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Montreal a reality check for Toyota

NEWS STORY
02/06/2008

This weekend's Canadian Grand Prix is the first time the Toyota TF108 has got to grips with the Gilles Villeneuve Circuit. Well, in real life that may be so, but not in the virtual world of simulation at Panasonic Toyota Racing.

Even before a TF108 turns a wheel in anger around Montreal's Ile Notre-Dame, Toyota engineers already have a bank of information to draw on after simulating the car's behaviour around the 4.361km track.

At the team's technical centre in Cologne, Germany, an array of sophisticated simulation techniques are employed to give the drivers a head start when practice begins in Canada, ranging from the wind tunnel, engine test benches, a seven-poster rig and computational fluid dynamics (CFD).

For the Canadian Grand Prix, riding the kerbs is key, and Toyota has spent time in the build up simulating the TF108's behaviour on a seven-post rig (above), specifically set up to replicate the demands of the Montreal track.

A full-size TF108 is placed on a hydraulically-powered rig, which uses data from previous seasons to shake and shudder the car exactly as though it was driving over the bumps and kerbs of the Ile Notre-Dame. This provides important information regarding suspension and damper settings, giving engineers a strong indication of what works and what doesn't.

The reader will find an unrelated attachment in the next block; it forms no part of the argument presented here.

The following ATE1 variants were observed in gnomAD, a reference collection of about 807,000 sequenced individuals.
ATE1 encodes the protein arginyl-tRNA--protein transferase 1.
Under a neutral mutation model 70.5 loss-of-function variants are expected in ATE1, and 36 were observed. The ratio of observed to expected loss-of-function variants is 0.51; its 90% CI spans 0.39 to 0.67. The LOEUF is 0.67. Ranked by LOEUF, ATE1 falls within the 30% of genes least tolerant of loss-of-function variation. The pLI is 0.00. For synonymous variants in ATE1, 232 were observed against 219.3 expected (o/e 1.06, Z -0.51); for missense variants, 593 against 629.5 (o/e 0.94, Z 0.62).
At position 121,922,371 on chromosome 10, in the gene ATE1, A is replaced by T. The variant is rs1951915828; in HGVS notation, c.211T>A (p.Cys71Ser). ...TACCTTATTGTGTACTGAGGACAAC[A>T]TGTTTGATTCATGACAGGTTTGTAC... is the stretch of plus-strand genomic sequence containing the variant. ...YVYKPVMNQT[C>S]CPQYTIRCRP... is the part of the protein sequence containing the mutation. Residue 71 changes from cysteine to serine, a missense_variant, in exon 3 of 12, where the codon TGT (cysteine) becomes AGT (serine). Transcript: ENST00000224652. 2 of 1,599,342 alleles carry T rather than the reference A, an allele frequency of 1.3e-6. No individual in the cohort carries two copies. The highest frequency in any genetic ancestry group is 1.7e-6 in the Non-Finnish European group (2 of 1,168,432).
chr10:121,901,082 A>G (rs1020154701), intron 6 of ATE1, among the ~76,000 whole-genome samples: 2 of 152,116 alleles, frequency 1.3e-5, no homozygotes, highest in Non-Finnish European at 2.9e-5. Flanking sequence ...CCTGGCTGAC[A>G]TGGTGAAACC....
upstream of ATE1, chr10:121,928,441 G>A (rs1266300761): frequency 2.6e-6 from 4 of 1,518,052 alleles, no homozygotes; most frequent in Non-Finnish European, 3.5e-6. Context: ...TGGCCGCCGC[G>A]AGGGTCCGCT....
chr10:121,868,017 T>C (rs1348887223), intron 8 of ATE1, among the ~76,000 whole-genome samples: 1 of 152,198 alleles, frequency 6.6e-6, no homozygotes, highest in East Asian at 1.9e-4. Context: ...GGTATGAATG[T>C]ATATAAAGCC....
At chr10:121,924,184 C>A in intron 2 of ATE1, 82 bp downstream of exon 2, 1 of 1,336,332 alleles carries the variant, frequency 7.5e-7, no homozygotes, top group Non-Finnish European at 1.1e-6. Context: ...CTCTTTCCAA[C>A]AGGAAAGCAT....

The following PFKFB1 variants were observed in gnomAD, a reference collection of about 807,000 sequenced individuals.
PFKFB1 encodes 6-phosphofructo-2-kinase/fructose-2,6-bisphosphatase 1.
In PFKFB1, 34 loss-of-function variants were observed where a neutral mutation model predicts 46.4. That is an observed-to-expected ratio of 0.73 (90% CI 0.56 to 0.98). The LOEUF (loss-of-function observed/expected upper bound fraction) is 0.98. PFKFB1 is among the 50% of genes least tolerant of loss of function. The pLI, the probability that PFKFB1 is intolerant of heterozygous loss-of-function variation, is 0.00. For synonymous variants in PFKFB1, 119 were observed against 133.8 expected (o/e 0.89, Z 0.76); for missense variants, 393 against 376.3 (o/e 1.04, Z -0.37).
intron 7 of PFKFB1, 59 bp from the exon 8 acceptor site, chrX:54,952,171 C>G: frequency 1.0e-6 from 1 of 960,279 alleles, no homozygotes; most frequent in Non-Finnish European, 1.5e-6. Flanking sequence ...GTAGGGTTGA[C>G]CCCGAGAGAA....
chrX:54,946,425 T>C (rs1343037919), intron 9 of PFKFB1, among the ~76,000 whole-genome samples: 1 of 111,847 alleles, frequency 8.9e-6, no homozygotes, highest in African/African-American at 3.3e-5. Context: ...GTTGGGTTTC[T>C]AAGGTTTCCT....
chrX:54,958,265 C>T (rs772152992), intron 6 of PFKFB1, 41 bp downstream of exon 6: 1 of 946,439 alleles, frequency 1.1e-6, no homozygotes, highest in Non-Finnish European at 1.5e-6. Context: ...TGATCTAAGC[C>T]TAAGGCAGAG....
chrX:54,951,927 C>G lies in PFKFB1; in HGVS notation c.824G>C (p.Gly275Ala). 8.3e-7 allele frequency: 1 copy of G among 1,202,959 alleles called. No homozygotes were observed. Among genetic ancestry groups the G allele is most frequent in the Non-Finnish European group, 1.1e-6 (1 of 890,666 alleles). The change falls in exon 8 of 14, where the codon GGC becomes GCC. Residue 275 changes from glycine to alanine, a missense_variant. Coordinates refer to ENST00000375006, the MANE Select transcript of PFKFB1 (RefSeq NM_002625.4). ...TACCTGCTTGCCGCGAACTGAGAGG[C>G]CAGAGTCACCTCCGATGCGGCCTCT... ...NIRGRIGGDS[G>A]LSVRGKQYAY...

Chief Engineer Race and Test Dieter Gass says: "This is very important because, unlike other circuits, at Montreal you have the four chicanes and the more you can ride the kerbs in the chicane, the more you can straight line them and the more time you're going to gain. That means if you have a car that handles perfectly over the kerbs you're going to gain a lot of speed and lap time."

That is just one element of the standard pre-race preparation at Toyota; the engine dynamometers, or test benches, are another. An engine test bench allows the RVX-08 engine to be 'driven' on its own, with no TF108 chassis in sight.

By pushing the engine through all the same revs and gear changes as Jarno Trulli and Timo Glock will in Canada, an engine can complete the entire race distance without moving a millimetre. The data from these tests allows engineers to fine-tune engine behaviour to a particular circuit, as well as spotting any areas to improve well before the drivers hit the track.

"Typically, before Canada or any other race, we have in our computer the complete throttle behaviour that can, for example, reproduce Jarno's driving style at that track on the dyno," says Senior General Manager Engine Luca Marmorini. "In this way we can already start to anticipate some potential problems in terms of engine response or engine mapping that the driver and the team might find in Canada."

These preparations are specific to each race but simulation goes on across the board as Toyota strives for the continuous improvement necessary to compete at the front in Formula 1. The fruits of this work eventually make it to the race track, but not before rigorous testing has proved their validity in advance.

Before every new aerodynamic part is fitted to the TF108, it has been thoroughly analysed back in Cologne to ensure it does its job.

The first part of this process sees virtual testing using CFD - computers which simulate air flow over a new part, and the impact it has on the car as a whole. If a part fails this process it is extremely unlikely to be worth pursuing, so this simulation streamlines the development process and ensures only worthwhile projects progress beyond the virtual drawing board.

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